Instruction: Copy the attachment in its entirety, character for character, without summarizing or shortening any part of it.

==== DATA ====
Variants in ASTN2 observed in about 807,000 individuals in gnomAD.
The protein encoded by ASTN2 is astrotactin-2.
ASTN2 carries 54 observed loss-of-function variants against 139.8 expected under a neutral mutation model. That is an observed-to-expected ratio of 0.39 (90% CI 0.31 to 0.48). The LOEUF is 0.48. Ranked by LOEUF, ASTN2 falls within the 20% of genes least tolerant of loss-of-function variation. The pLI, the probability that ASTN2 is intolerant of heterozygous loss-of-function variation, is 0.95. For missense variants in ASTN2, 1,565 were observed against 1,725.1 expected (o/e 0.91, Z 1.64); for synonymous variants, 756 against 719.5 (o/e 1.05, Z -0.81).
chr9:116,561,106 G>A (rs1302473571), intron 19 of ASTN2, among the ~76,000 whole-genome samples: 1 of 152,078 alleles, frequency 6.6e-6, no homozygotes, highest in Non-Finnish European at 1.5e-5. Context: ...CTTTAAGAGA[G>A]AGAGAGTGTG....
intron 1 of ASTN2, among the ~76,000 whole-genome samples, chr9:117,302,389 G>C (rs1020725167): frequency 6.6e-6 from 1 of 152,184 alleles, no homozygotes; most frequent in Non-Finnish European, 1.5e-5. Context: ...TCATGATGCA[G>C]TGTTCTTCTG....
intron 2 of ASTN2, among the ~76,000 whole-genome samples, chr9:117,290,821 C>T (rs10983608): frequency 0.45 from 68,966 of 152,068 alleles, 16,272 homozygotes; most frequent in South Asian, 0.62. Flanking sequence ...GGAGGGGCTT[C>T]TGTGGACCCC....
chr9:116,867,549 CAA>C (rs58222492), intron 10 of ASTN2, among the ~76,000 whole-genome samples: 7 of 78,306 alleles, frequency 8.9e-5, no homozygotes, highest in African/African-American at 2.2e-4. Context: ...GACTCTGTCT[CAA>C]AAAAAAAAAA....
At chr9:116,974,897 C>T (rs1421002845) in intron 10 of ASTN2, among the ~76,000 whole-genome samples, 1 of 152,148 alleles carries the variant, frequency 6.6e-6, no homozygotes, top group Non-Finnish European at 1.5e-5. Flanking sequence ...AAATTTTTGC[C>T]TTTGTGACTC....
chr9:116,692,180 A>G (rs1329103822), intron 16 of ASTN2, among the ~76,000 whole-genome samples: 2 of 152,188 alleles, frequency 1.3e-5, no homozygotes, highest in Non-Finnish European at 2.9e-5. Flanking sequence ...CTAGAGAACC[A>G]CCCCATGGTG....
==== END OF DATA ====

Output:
Variants in ASTN2 observed in about 807,000 individuals in gnomAD.
The protein encoded by ASTN2 is astrotactin-2.
ASTN2 carries 54 observed loss-of-function variants against 139.8 expected under a neutral mutation model. That is an observed-to-expected ratio of 0.39 (90% CI 0.31 to 0.48). The LOEUF is 0.48. Ranked by LOEUF, ASTN2 falls within the 20% of genes least tolerant of loss-of-function variation. The pLI, the probability that ASTN2 is intolerant of heterozygous loss-of-function variation, is 0.95. For missense variants in ASTN2, 1,565 were observed against 1,725.1 expected (o/e 0.91, Z 1.64); for synonymous variants, 756 against 719.5 (o/e 1.05, Z -0.81).
chr9:116,561,106 G>A (rs1302473571), intron 19 of ASTN2, among the ~76,000 whole-genome samples: 1 of 152,078 alleles, frequency 6.6e-6, no homozygotes, highest in Non-Finnish European at 1.5e-5. Context: ...CTTTAAGAGA[G>A]AGAGAGTGTG....
intron 1 of ASTN2, among the ~76,000 whole-genome samples, chr9:117,302,389 G>C (rs1020725167): frequency 6.6e-6 from 1 of 152,184 alleles, no homozygotes; most frequent in Non-Finnish European, 1.5e-5. Context: ...TCATGATGCA[G>C]TGTTCTTCTG....
intron 2 of ASTN2, among the ~76,000 whole-genome samples, chr9:117,290,821 C>T (rs10983608): frequency 0.45 from 68,966 of 152,068 alleles, 16,272 homozygotes; most frequent in South Asian, 0.62. Flanking sequence ...GGAGGGGCTT[C>T]TGTGGACCCC....
chr9:116,867,549 CAA>C (rs58222492), intron 10 of ASTN2, among the ~76,000 whole-genome samples: 7 of 78,306 alleles, frequency 8.9e-5, no homozygotes, highest in African/African-American at 2.2e-4. Context: ...GACTCTGTCT[CAA>C]AAAAAAAAAA....
At chr9:116,974,897 C>T (rs1421002845) in intron 10 of ASTN2, among the ~76,000 whole-genome samples, 1 of 152,148 alleles carries the variant, frequency 6.6e-6, no homozygotes, top group Non-Finnish European at 1.5e-5. Flanking sequence ...AAATTTTTGC[C>T]TTTGTGACTC....
chr9:116,692,180 A>G (rs1329103822), intron 16 of ASTN2, among the ~76,000 whole-genome samples: 2 of 152,188 alleles, frequency 1.3e-5, no homozygotes, highest in Non-Finnish European at 2.9e-5. Flanking sequence ...CTAGAGAACC[A>G]CCCCATGGTG....